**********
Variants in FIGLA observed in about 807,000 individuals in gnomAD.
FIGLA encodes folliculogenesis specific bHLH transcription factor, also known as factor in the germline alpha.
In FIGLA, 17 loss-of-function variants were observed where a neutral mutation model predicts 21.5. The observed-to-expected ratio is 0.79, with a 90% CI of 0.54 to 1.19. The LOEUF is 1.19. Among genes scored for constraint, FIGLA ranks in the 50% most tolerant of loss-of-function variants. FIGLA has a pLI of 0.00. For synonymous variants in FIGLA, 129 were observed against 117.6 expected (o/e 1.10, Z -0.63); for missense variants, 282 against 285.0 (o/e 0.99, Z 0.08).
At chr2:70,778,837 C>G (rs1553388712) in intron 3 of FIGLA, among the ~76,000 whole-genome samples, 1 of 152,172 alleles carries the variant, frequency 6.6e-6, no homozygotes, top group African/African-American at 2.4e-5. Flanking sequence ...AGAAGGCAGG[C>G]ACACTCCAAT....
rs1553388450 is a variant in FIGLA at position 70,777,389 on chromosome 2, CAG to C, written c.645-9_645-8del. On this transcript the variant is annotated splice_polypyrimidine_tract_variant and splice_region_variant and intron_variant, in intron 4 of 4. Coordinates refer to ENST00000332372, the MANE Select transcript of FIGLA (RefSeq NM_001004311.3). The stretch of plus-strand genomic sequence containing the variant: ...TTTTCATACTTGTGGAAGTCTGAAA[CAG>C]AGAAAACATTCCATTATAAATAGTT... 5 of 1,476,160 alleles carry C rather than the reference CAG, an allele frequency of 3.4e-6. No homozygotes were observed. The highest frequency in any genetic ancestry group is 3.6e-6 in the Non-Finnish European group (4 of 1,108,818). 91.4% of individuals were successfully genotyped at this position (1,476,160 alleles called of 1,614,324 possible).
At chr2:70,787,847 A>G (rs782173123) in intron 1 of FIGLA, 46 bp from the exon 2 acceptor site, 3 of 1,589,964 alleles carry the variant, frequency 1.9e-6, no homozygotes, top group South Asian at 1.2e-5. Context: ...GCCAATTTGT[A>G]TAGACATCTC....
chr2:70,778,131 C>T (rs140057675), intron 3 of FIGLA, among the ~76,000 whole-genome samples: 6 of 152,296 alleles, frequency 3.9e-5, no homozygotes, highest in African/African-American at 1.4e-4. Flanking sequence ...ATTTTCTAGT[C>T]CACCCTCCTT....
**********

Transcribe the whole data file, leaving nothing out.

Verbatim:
Variants in FIGLA observed in about 807,000 individuals in gnomAD.
FIGLA encodes folliculogenesis specific bHLH transcription factor, also known as factor in the germline alpha.
In FIGLA, 17 loss-of-function variants were observed where a neutral mutation model predicts 21.5. The observed-to-expected ratio is 0.79, with a 90% CI of 0.54 to 1.19. The LOEUF is 1.19. Among genes scored for constraint, FIGLA ranks in the 50% most tolerant of loss-of-function variants. FIGLA has a pLI of 0.00. For synonymous variants in FIGLA, 129 were observed against 117.6 expected (o/e 1.10, Z -0.63); for missense variants, 282 against 285.0 (o/e 0.99, Z 0.08).
At chr2:70,778,837 C>G (rs1553388712) in intron 3 of FIGLA, among the ~76,000 whole-genome samples, 1 of 152,172 alleles carries the variant, frequency 6.6e-6, no homozygotes, top group African/African-American at 2.4e-5. Flanking sequence ...AGAAGGCAGG[C>G]ACACTCCAAT....
rs1553388450 is a variant in FIGLA at position 70,777,389 on chromosome 2, CAG to C, written c.645-9_645-8del. On this transcript the variant is annotated splice_polypyrimidine_tract_variant and splice_region_variant and intron_variant, in intron 4 of 4. Coordinates refer to ENST00000332372, the MANE Select transcript of FIGLA (RefSeq NM_001004311.3). The stretch of plus-strand genomic sequence containing the variant: ...TTTTCATACTTGTGGAAGTCTGAAA[CAG>C]AGAAAACATTCCATTATAAATAGTT... 5 of 1,476,160 alleles carry C rather than the reference CAG, an allele frequency of 3.4e-6. No homozygotes were observed. The highest frequency in any genetic ancestry group is 3.6e-6 in the Non-Finnish European group (4 of 1,108,818). 91.4% of individuals were successfully genotyped at this position (1,476,160 alleles called of 1,614,324 possible).
At chr2:70,787,847 A>G (rs782173123) in intron 1 of FIGLA, 46 bp from the exon 2 acceptor site, 3 of 1,589,964 alleles carry the variant, frequency 1.9e-6, no homozygotes, top group South Asian at 1.2e-5. Context: ...GCCAATTTGT[A>G]TAGACATCTC....
chr2:70,778,131 C>T (rs140057675), intron 3 of FIGLA, among the ~76,000 whole-genome samples: 6 of 152,296 alleles, frequency 3.9e-5, no homozygotes, highest in African/African-American at 1.4e-4. Flanking sequence ...ATTTTCTAGT[C>T]CACCCTCCTT....